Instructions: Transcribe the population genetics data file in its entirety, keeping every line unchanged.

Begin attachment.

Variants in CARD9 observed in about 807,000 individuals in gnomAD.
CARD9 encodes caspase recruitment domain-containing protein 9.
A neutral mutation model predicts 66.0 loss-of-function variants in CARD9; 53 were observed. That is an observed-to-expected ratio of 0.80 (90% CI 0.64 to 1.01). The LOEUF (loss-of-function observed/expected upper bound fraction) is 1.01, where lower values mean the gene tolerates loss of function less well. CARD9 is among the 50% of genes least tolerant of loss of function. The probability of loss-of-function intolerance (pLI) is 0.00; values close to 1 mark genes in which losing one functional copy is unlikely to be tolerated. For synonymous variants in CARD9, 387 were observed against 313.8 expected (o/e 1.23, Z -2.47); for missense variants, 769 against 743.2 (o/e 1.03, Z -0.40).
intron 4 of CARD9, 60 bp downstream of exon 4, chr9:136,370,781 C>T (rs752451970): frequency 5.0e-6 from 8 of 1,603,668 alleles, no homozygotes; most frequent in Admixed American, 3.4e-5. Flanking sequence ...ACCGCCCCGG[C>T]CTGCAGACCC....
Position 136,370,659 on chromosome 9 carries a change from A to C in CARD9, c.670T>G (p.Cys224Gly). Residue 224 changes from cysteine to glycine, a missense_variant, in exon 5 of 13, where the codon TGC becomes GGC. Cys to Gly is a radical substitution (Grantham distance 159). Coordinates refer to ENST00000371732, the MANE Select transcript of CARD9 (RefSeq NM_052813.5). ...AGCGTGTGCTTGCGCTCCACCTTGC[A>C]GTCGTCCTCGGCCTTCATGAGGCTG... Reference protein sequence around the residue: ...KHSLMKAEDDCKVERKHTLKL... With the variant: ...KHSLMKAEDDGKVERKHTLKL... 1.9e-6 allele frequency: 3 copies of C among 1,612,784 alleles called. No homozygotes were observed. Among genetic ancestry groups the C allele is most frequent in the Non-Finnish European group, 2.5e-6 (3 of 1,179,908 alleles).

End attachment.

Variants in CARD9 observed in about 807,000 individuals in gnomAD.
CARD9 encodes caspase recruitment domain-containing protein 9.
A neutral mutation model predicts 66.0 loss-of-function variants in CARD9; 53 were observed. That is an observed-to-expected ratio of 0.80 (90% CI 0.64 to 1.01). The LOEUF (loss-of-function observed/expected upper bound fraction) is 1.01, where lower values mean the gene tolerates loss of function less well. CARD9 is among the 50% of genes least tolerant of loss of function. The probability of loss-of-function intolerance (pLI) is 0.00; values close to 1 mark genes in which losing one functional copy is unlikely to be tolerated. For synonymous variants in CARD9, 387 were observed against 313.8 expected (o/e 1.23, Z -2.47); for missense variants, 769 against 743.2 (o/e 1.03, Z -0.40).
intron 4 of CARD9, 60 bp downstream of exon 4, chr9:136,370,781 C>T (rs752451970): frequency 5.0e-6 from 8 of 1,603,668 alleles, no homozygotes; most frequent in Admixed American, 3.4e-5. Flanking sequence ...ACCGCCCCGG[C>T]CTGCAGACCC....
Position 136,370,659 on chromosome 9 carries a change from A to C in CARD9, c.670T>G (p.Cys224Gly). Residue 224 changes from cysteine to glycine, a missense_variant, in exon 5 of 13, where the codon TGC becomes GGC. Cys to Gly is a radical substitution (Grantham distance 159). Coordinates refer to ENST00000371732, the MANE Select transcript of CARD9 (RefSeq NM_052813.5). ...AGCGTGTGCTTGCGCTCCACCTTGC[A>C]GTCGTCCTCGGCCTTCATGAGGCTG... Reference protein sequence around the residue: ...KHSLMKAEDDCKVERKHTLKL... With the variant: ...KHSLMKAEDDGKVERKHTLKL... 1.9e-6 allele frequency: 3 copies of C among 1,612,784 alleles called. No homozygotes were observed. Among genetic ancestry groups the C allele is most frequent in the Non-Finnish European group, 2.5e-6 (3 of 1,179,908 alleles).